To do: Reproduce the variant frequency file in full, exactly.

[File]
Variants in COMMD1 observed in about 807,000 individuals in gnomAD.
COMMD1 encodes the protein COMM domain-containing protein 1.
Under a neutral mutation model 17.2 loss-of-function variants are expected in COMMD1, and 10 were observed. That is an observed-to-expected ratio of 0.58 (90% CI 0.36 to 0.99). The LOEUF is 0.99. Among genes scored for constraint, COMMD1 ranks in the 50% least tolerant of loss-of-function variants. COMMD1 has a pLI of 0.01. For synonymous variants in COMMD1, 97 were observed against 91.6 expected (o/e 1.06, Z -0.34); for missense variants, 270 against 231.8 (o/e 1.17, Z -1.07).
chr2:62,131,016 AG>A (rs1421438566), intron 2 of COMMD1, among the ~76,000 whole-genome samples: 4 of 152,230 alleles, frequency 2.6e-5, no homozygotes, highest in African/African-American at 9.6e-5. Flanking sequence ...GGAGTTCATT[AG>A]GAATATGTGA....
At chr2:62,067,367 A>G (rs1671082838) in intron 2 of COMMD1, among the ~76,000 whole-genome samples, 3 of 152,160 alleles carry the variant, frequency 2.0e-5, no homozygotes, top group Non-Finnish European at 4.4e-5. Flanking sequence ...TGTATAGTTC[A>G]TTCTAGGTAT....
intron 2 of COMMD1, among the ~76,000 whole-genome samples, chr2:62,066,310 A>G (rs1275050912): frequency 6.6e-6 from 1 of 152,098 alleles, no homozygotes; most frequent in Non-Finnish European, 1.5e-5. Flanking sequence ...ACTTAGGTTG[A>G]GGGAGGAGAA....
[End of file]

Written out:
Variants in COMMD1 observed in about 807,000 individuals in gnomAD.
COMMD1 encodes the protein COMM domain-containing protein 1.
Under a neutral mutation model 17.2 loss-of-function variants are expected in COMMD1, and 10 were observed. That is an observed-to-expected ratio of 0.58 (90% CI 0.36 to 0.99). The LOEUF is 0.99. Among genes scored for constraint, COMMD1 ranks in the 50% least tolerant of loss-of-function variants. COMMD1 has a pLI of 0.01. For synonymous variants in COMMD1, 97 were observed against 91.6 expected (o/e 1.06, Z -0.34); for missense variants, 270 against 231.8 (o/e 1.17, Z -1.07).
chr2:62,131,016 AG>A (rs1421438566), intron 2 of COMMD1, among the ~76,000 whole-genome samples: 4 of 152,230 alleles, frequency 2.6e-5, no homozygotes, highest in African/African-American at 9.6e-5. Flanking sequence ...GGAGTTCATT[AG>A]GAATATGTGA....
At chr2:62,067,367 A>G (rs1671082838) in intron 2 of COMMD1, among the ~76,000 whole-genome samples, 3 of 152,160 alleles carry the variant, frequency 2.0e-5, no homozygotes, top group Non-Finnish European at 4.4e-5. Flanking sequence ...TGTATAGTTC[A>G]TTCTAGGTAT....
intron 2 of COMMD1, among the ~76,000 whole-genome samples, chr2:62,066,310 A>G (rs1275050912): frequency 6.6e-6 from 1 of 152,098 alleles, no homozygotes; most frequent in Non-Finnish European, 1.5e-5. Flanking sequence ...ACTTAGGTTG[A>G]GGGAGGAGAA....